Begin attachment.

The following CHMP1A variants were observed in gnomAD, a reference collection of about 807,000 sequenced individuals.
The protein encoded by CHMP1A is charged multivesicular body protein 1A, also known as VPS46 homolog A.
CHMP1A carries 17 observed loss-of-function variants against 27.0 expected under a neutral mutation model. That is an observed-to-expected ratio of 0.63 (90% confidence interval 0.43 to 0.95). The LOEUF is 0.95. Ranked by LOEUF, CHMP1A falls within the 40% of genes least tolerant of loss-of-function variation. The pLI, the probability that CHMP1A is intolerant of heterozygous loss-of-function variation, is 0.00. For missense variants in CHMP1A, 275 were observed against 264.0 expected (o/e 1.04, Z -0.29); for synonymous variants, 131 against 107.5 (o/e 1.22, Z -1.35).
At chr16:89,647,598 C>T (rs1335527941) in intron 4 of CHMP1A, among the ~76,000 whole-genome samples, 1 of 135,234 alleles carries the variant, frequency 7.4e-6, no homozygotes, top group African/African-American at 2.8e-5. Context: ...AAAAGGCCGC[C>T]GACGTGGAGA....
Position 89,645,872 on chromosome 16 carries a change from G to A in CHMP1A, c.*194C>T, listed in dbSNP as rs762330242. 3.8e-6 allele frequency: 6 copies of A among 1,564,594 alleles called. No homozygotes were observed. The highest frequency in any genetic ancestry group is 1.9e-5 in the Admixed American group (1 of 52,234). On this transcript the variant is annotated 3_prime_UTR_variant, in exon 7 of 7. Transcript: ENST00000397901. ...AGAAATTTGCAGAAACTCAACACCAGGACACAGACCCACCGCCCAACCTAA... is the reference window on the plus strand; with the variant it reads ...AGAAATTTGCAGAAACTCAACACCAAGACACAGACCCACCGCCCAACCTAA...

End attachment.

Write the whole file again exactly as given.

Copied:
The following CHMP1A variants were observed in gnomAD, a reference collection of about 807,000 sequenced individuals.
The protein encoded by CHMP1A is charged multivesicular body protein 1A, also known as VPS46 homolog A.
CHMP1A carries 17 observed loss-of-function variants against 27.0 expected under a neutral mutation model. That is an observed-to-expected ratio of 0.63 (90% confidence interval 0.43 to 0.95). The LOEUF is 0.95. Ranked by LOEUF, CHMP1A falls within the 40% of genes least tolerant of loss-of-function variation. The pLI, the probability that CHMP1A is intolerant of heterozygous loss-of-function variation, is 0.00. For missense variants in CHMP1A, 275 were observed against 264.0 expected (o/e 1.04, Z -0.29); for synonymous variants, 131 against 107.5 (o/e 1.22, Z -1.35).
At chr16:89,647,598 C>T (rs1335527941) in intron 4 of CHMP1A, among the ~76,000 whole-genome samples, 1 of 135,234 alleles carries the variant, frequency 7.4e-6, no homozygotes, top group African/African-American at 2.8e-5. Context: ...AAAAGGCCGC[C>T]GACGTGGAGA....
Position 89,645,872 on chromosome 16 carries a change from G to A in CHMP1A, c.*194C>T, listed in dbSNP as rs762330242. 3.8e-6 allele frequency: 6 copies of A among 1,564,594 alleles called. No homozygotes were observed. The highest frequency in any genetic ancestry group is 1.9e-5 in the Admixed American group (1 of 52,234). On this transcript the variant is annotated 3_prime_UTR_variant, in exon 7 of 7. Transcript: ENST00000397901. ...AGAAATTTGCAGAAACTCAACACCAGGACACAGACCCACCGCCCAACCTAA... is the reference window on the plus strand; with the variant it reads ...AGAAATTTGCAGAAACTCAACACCAAGACACAGACCCACCGCCCAACCTAA...